Author Topic: Cryptocurrency  (Read 15671 times)

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Offline John Albert

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Re: Cryptocurrency
« Reply #15 on: July 03, 2017, 05:07:26 PM »
If the software has a significant cost or requires an significantly above average system, then its a bad idea.

It requires a significantly above average system. The processing is done on GPUs, and it is so computationally intensive that it will wear out or burn up the hardware unless you use some robust cooling system.

Nowadays, there are so many different cryptocurrencies going that the opportunity cost cuts significantly into your profit potential.

Offline moj

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Re: Cryptocurrency
« Reply #16 on: September 13, 2017, 12:43:57 PM »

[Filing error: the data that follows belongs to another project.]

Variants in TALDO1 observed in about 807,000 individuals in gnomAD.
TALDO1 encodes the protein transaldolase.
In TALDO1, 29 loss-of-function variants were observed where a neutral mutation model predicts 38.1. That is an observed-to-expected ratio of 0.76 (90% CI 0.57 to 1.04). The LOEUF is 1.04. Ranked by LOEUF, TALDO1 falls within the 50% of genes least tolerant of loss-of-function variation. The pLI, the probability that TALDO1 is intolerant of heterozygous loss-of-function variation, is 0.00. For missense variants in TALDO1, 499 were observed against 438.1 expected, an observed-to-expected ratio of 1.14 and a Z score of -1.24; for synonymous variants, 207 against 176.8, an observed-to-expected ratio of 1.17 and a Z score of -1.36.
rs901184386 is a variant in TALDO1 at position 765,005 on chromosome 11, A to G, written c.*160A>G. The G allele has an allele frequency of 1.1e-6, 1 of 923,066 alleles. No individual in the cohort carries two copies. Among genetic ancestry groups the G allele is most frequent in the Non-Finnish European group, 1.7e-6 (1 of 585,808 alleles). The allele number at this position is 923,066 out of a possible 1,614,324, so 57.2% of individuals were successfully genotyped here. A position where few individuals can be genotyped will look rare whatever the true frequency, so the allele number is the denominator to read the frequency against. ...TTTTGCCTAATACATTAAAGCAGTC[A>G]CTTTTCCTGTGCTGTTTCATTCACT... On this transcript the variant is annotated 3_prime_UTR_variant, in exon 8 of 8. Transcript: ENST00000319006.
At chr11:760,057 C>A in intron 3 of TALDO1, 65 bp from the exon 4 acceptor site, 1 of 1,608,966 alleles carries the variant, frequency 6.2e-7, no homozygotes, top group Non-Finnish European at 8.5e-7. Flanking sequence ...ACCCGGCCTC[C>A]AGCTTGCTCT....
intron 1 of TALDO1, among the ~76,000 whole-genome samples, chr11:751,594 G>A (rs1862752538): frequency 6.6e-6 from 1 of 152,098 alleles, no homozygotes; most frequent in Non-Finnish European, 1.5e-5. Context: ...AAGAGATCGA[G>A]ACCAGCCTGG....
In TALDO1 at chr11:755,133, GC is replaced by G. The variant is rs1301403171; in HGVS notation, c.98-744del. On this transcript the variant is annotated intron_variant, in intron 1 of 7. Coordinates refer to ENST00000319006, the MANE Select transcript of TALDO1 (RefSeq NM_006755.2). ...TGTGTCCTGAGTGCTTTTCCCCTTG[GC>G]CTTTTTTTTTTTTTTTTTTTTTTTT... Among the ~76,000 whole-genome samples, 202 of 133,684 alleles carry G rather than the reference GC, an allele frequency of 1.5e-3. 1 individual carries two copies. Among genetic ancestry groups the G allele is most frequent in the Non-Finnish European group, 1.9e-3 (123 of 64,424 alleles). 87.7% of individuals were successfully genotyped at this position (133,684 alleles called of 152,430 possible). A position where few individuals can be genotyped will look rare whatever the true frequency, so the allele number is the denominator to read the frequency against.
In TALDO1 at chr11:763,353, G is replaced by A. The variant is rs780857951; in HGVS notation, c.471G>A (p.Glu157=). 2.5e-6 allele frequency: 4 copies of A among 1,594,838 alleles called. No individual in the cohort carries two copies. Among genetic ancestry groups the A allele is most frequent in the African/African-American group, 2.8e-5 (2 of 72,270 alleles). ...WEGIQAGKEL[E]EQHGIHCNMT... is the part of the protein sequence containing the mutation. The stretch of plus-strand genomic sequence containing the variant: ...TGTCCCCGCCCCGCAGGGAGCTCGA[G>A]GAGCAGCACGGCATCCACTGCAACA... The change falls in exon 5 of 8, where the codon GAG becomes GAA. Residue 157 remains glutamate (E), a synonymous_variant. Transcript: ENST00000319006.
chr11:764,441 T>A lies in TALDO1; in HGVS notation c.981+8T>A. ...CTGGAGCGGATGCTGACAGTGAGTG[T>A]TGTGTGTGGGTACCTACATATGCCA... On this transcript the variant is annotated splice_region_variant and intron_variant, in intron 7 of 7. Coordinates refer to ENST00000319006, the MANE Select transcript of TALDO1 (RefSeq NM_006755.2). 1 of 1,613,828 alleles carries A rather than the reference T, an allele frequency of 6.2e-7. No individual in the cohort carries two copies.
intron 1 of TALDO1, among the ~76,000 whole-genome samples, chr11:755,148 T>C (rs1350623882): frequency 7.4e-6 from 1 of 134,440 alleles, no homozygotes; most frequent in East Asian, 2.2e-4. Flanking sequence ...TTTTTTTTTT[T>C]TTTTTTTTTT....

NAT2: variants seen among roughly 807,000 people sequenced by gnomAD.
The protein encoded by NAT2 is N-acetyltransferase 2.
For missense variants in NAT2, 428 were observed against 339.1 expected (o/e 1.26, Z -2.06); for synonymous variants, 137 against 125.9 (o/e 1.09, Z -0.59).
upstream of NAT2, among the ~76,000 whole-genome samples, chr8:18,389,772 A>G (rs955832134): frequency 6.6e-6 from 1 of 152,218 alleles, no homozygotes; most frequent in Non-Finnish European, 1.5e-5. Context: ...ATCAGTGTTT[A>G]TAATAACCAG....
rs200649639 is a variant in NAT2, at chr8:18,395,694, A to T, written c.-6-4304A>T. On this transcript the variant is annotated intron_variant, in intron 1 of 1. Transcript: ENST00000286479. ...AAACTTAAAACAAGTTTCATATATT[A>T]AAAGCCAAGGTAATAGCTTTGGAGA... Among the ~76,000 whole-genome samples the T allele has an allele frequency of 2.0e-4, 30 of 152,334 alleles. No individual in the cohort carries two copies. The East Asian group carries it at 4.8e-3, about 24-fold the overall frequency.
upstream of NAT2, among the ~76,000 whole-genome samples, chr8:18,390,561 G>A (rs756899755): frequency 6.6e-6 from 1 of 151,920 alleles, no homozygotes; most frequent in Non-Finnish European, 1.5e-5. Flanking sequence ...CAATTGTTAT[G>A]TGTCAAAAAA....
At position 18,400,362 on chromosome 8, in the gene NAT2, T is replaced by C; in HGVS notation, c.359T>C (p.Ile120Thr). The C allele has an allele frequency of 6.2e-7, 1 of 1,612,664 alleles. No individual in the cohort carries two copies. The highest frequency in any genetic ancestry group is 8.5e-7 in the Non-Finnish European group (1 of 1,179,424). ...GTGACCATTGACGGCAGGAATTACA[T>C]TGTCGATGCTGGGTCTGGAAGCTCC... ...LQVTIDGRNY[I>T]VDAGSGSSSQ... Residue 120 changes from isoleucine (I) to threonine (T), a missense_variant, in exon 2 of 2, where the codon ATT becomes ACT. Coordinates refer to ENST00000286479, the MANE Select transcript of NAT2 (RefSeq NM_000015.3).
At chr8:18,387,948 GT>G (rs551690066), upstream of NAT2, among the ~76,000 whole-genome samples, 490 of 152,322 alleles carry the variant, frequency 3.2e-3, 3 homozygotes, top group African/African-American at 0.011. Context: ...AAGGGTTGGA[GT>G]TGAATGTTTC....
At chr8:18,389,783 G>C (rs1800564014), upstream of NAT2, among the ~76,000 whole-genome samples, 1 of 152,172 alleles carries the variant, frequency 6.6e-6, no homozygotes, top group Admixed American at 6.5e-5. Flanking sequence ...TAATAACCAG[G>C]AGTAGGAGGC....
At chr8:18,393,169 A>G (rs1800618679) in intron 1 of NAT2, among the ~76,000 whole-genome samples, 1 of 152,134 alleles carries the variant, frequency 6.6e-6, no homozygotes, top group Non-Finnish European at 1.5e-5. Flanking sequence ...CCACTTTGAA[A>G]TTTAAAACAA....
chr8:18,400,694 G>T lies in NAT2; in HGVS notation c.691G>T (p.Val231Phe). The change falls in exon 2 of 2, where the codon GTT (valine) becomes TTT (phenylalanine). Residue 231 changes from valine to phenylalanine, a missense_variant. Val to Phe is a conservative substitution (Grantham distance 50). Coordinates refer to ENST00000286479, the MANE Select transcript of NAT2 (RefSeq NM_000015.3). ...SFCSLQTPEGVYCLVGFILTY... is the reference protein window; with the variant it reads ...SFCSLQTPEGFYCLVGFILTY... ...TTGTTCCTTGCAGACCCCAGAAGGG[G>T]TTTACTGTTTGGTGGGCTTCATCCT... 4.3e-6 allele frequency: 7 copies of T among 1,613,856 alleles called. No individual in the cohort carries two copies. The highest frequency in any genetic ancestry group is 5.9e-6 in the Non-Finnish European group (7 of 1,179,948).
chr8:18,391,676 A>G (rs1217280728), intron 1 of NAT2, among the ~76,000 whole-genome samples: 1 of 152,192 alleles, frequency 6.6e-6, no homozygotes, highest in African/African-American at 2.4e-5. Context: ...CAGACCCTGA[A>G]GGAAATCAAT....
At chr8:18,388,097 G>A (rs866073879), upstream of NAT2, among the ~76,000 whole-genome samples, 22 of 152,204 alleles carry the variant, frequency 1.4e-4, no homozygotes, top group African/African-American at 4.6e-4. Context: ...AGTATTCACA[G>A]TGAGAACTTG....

http://www.reuters.com/article/us-bitcoin-dimon/bitcoin-slides-on-fraud-warning-from-jpmorgans-dimon-idUSKCN1BO232?feedType=RSS&feedName=topNews

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LONDON (Reuters) - Bitcoin slid by more than 10 percent on Wednesday, as investors sold the cryptocurrency after a warning by JPMorgan (JPM.N) Chief Executive Jamie Dimon that it “is a fraud” and will eventually “blow up”.

Bitcoin, the original and still the biggest cryptocurrency, has been on a tear in recent months, hitting a record high just below $5,000 at the start of September after a more than fivefold increase in price since the start of the year.